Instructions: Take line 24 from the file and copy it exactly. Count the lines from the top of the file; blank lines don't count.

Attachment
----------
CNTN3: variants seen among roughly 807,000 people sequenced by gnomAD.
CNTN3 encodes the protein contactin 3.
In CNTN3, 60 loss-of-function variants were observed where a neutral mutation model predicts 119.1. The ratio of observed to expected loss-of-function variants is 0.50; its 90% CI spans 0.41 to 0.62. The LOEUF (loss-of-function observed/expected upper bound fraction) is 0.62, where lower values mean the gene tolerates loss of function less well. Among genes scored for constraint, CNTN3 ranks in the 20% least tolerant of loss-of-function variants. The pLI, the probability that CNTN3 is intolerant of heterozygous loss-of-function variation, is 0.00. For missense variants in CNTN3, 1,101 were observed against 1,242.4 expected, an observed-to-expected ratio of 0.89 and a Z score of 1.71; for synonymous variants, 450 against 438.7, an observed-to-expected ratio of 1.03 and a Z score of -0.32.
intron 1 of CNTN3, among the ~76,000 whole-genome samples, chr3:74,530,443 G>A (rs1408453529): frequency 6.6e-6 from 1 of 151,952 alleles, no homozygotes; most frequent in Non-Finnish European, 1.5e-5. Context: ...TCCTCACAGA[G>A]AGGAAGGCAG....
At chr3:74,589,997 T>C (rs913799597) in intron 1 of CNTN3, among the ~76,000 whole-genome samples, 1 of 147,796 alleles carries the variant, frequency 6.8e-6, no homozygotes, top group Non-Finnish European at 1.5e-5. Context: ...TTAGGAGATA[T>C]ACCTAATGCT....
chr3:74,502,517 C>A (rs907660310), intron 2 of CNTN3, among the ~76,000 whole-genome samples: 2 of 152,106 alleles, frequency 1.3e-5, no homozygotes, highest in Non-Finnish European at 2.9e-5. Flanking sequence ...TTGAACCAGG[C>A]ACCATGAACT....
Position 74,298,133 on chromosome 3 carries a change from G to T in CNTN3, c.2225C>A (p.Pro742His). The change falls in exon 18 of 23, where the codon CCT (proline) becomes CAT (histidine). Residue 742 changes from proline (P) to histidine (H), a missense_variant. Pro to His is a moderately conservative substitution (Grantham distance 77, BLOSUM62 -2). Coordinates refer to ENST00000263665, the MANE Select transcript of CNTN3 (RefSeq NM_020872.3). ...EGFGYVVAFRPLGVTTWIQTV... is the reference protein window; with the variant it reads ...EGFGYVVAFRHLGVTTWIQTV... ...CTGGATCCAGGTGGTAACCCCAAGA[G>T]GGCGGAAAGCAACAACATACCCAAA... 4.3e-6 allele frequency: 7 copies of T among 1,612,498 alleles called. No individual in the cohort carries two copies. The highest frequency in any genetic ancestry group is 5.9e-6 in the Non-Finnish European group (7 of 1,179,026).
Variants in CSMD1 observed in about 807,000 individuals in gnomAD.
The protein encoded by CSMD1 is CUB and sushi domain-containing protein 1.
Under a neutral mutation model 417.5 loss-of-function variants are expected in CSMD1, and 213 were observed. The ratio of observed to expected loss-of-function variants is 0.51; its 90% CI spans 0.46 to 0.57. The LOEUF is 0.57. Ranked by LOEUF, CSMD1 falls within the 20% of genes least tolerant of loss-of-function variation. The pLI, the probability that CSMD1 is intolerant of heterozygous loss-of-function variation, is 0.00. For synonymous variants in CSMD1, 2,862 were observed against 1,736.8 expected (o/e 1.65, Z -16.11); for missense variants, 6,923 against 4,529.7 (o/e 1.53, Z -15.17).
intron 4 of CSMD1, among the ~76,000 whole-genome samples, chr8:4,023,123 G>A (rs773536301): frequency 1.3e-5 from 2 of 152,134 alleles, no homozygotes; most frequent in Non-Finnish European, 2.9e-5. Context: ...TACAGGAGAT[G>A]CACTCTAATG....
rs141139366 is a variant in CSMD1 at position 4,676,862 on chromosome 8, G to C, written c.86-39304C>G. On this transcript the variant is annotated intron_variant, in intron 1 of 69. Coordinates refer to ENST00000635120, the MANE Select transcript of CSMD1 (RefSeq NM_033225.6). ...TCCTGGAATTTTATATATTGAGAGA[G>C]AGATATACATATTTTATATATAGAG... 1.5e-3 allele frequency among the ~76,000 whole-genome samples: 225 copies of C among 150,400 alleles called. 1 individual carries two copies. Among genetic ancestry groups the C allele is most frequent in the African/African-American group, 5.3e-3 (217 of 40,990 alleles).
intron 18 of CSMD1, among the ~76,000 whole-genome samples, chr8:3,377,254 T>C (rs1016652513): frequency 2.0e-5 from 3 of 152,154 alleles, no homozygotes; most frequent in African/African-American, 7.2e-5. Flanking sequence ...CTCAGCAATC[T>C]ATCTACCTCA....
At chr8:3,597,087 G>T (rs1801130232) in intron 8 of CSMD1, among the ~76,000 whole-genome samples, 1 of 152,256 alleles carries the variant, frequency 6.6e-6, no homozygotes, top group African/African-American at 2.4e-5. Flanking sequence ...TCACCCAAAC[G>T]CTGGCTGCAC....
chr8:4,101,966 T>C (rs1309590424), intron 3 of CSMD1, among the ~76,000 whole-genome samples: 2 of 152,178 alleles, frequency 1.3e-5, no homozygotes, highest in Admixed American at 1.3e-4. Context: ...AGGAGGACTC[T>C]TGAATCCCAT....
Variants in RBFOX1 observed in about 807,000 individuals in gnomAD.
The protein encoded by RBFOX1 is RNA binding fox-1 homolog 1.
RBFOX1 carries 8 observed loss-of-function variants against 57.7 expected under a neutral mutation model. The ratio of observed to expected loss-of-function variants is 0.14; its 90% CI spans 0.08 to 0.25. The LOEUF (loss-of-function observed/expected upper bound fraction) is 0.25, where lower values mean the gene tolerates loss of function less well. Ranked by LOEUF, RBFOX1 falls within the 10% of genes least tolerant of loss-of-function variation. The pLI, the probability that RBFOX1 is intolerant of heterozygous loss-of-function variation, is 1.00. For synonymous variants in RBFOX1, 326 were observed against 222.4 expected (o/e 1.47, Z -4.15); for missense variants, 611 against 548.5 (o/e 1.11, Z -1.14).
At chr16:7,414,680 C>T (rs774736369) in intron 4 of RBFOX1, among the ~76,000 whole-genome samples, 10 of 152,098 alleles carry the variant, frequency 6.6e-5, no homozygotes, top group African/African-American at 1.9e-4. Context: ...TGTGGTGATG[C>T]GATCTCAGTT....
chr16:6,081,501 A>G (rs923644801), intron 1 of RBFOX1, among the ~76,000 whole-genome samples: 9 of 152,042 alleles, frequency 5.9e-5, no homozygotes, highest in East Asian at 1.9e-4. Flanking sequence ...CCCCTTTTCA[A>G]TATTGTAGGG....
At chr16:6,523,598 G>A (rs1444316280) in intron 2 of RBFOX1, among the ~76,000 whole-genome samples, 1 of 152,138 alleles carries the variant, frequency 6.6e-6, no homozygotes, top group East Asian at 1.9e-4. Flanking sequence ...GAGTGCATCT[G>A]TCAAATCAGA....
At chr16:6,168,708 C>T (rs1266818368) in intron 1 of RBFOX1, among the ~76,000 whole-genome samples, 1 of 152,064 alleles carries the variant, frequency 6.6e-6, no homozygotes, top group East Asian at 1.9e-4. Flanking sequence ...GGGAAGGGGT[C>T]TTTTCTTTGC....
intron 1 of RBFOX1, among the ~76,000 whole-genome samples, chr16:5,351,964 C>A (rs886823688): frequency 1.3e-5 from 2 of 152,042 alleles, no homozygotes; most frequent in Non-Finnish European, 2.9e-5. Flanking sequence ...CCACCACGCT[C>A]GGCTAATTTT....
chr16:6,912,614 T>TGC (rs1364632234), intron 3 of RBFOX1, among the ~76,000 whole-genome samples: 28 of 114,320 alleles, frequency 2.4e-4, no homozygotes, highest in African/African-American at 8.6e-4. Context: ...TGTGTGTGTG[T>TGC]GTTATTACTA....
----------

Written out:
chr16:6,912,614 T>TGC (rs1364632234), intron 3 of RBFOX1, among the ~76,000 whole-genome samples: 28 of 114,320 alleles, frequency 2.4e-4, no homozygotes, highest in African/African-American at 8.6e-4. Context: ...TGTGTGTGTG[T>TGC]GTTATTACTA....